Friday, April 01, 2016

The KDKA Story - The Early Shortwave Era

According to historical information from mediumwave station KDKA in Pittsburgh, Pennsylvania, Dr. Frank Conrad made his earliest observations regarding the propagation of radio signals in the shortwave spectrum during the year 1920.  What he observed was that harmonics from longwave and mediumwave transmitters often propagated with a better signal and wider coverage on shortwave than was available from the fundamental longwave or mediumwave signal itself.  This phenomenon led him to begin a serious study of the possible advantages to be obtained with deliberate transmissions in what has since become the shortwave bands.
            A few months later in the early Spring of the following year 1921, Conrad began experimental transmissions from his own home grown amateur station 8XK on the second floor in the family garage at the corner of  Penn and Peebles streets in Wilkinsburg.  His experimental transmissions on 100 meters provided good reception at amateur stations of friends in Boston.  
            Then in 1922, Conrad directed the construction of a 1 kW shortwave transmitter at the Westinghouse factory complex in East Pittsburgh.  In August, this new transmitter was installed in the wooden shack on top of the eight storey Building K where it was taken into experimental service under the callsign 8XS. 
            Black and white photographs taken during this era show that this wooden shack was located on top at the western end of Building K, and building K itself was the southern most tall building in a small cluster of equal height high rise factory buildings in East Pittsburgh.  At the time, the mediumwave transmitter for KDKA was also still located inside this roof top shack, and the shortwave antenna for 8XS was affixed to the same flat roof top. 
            The shortwave antenna for the transmissions on 100 meters (3 MHz) was 40 ft long with a height of 35 feet above the roof top.  The flat top antenna consisted of apparently 5 parallel wires that were end fed at the western end from a two wire open feed line.  The program feed for experimental transmissions from 8XS were taken from the regular scheduling of KDKA on mediumwave.
            Beginning on March 4 of the next year (1923), station 8XS began a daily program feed on shortwave to a new mediumwave station, KDPM, located at another Westinghouse facility in Cleveland Ohio.  This program relay from KDKA was on the air for several hours every evening.
            Then, eight months later on November 22, the KDKA mediumwave programing was relayed on shortwave to another mediumwave station, this time KFKX at Hastings Nebraska, near the geographic center of the continental United States.  Station KFKX fed this program stream into two transmitters; mediumwave for local coverage and shortwave for pickup and local mediumwave coverage in California.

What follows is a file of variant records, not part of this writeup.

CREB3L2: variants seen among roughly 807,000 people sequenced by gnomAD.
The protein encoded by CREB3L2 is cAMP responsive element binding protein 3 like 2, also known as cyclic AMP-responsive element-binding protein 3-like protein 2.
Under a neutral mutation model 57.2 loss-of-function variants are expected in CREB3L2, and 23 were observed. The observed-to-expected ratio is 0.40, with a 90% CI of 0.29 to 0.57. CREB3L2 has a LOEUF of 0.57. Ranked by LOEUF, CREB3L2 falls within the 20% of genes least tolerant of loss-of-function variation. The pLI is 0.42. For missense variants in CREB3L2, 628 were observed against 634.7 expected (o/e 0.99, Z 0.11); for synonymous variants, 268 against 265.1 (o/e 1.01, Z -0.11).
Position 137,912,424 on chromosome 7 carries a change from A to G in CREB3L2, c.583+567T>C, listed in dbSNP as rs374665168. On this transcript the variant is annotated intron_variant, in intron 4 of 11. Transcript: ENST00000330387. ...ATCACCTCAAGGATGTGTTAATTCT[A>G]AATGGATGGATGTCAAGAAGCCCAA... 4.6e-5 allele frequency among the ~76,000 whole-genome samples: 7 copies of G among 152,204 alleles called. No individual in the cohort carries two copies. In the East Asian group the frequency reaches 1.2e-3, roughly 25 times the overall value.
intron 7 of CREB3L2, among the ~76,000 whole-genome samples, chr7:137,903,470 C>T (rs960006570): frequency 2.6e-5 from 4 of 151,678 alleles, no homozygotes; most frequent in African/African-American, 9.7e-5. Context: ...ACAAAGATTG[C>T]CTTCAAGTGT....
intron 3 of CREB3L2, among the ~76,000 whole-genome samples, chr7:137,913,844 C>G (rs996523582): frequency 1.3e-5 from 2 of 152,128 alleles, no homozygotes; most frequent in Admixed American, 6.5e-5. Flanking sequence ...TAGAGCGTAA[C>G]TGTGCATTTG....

The shortwave relays from 8XS in East Pittsburgh to the two distant mediumwave stations, KDPM Cleveland and KFKX Hastings. was discontinued soon afterwards due to the poor quality of the retransmitted programing.
            In July 1924, both the mediumwave and shortwave facilities of KDKA were transferred from the factory roof top in East Pittsburgh to another Westinghouse facility, this time on Greensburg Pike in Forest Hills.  At this new location, just one mile distant from the original East Pittsburgh location, a separate single story brick and concrete transmitter building was constructed. 
            Transmitters for both mediumwave and shortwave were installed, and a 50 feet long copper tube was attached to a wooden pole as the antenna for the shortwave transmissions.  At this new location, the shortwave callsign 8XS was relinquished, and the license for Conrad’s internationally known personal 8XK callsign was transferred to Westinghouse.
            In April 1928, one international radio columnist described the shortwave signal from KDKA-8XK on 26 meters as very sharp and difficult to tune, and on 62 meters as strong with garbled modulation.  During this same year, international radio regulations promulgated in the United States required the insertion of the letter W as the first letter in the callsign, and thus 8XK became W8XK.
            In an endeavor to improve mediumwave signal coverage into the main population areas of Pittsburgh, another move was staged in 1931.  A huge new station was constructed on a site in Saxonburg, after a total of 62 different sites in the greater Pittsburgh areas had been examined and tested.
            In honor of KDKA and as a welcome to their community, the local civic officials changed the name of the highway on which the station would be built to KDKA Boulevard.  Previously various stretches of this highway were gazetted under different names.  However, give a year or two later, and KDKA Boulevard was re-gazetted as Saxonburg Boulevard. 
            A new transmitter building was constructed at Saxonburg on a property of 130 acres and four new shortwave transmitters at a power level of 40 kW each were constructed on site.  The mediumwave KDKA transmitters were installed in the north end of the building, and the shortwave transmitters were installed in the south end.    

            It was stated at this stage, that the huge new 400 kW super power mediumwave transmitter was rated at the very strange reckoning of 500 horsepower; that the very first KDKA transmitter 11 years earlier weighed just 500 pounds; and also that the combined weight of all of the mediumwave and shortwave transmitters at the new Saxonburg site in 1931 weighed a staggering 164 tons. 
(AWR-Wavescan/NWS 370)